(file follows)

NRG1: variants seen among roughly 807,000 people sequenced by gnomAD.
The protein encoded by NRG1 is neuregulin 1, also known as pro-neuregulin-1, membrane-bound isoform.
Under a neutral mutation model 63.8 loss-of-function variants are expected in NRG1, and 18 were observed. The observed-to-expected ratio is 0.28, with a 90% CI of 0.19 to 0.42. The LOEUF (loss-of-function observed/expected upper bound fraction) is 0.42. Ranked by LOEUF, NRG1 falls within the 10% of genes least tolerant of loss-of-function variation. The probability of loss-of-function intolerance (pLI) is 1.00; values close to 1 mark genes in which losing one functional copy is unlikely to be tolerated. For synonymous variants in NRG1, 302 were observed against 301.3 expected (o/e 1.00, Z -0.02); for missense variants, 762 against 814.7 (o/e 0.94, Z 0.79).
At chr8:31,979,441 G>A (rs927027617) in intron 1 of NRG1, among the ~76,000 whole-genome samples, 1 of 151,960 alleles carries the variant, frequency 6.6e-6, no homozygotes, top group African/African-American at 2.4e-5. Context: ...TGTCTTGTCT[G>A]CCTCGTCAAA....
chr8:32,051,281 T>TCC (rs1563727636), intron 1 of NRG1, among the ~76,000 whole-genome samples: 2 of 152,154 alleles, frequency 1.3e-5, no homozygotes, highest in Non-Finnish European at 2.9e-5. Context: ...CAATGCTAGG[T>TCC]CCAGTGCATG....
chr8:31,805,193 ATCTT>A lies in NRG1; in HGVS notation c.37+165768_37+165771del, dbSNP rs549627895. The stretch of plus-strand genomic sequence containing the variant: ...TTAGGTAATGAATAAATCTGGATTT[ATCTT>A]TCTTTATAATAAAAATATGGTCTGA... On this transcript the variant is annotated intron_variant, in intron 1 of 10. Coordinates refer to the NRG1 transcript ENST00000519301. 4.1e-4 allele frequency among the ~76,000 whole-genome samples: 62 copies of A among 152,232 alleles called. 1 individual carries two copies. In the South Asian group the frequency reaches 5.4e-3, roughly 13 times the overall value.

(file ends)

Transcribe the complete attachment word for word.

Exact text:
NRG1: variants seen among roughly 807,000 people sequenced by gnomAD.
The protein encoded by NRG1 is neuregulin 1, also known as pro-neuregulin-1, membrane-bound isoform.
Under a neutral mutation model 63.8 loss-of-function variants are expected in NRG1, and 18 were observed. The observed-to-expected ratio is 0.28, with a 90% CI of 0.19 to 0.42. The LOEUF (loss-of-function observed/expected upper bound fraction) is 0.42. Ranked by LOEUF, NRG1 falls within the 10% of genes least tolerant of loss-of-function variation. The probability of loss-of-function intolerance (pLI) is 1.00; values close to 1 mark genes in which losing one functional copy is unlikely to be tolerated. For synonymous variants in NRG1, 302 were observed against 301.3 expected (o/e 1.00, Z -0.02); for missense variants, 762 against 814.7 (o/e 0.94, Z 0.79).
At chr8:31,979,441 G>A (rs927027617) in intron 1 of NRG1, among the ~76,000 whole-genome samples, 1 of 151,960 alleles carries the variant, frequency 6.6e-6, no homozygotes, top group African/African-American at 2.4e-5. Context: ...TGTCTTGTCT[G>A]CCTCGTCAAA....
chr8:32,051,281 T>TCC (rs1563727636), intron 1 of NRG1, among the ~76,000 whole-genome samples: 2 of 152,154 alleles, frequency 1.3e-5, no homozygotes, highest in Non-Finnish European at 2.9e-5. Context: ...CAATGCTAGG[T>TCC]CCAGTGCATG....
chr8:31,805,193 ATCTT>A lies in NRG1; in HGVS notation c.37+165768_37+165771del, dbSNP rs549627895. The stretch of plus-strand genomic sequence containing the variant: ...TTAGGTAATGAATAAATCTGGATTT[ATCTT>A]TCTTTATAATAAAAATATGGTCTGA... On this transcript the variant is annotated intron_variant, in intron 1 of 10. Coordinates refer to the NRG1 transcript ENST00000519301. 4.1e-4 allele frequency among the ~76,000 whole-genome samples: 62 copies of A among 152,232 alleles called. 1 individual carries two copies. In the South Asian group the frequency reaches 5.4e-3, roughly 13 times the overall value.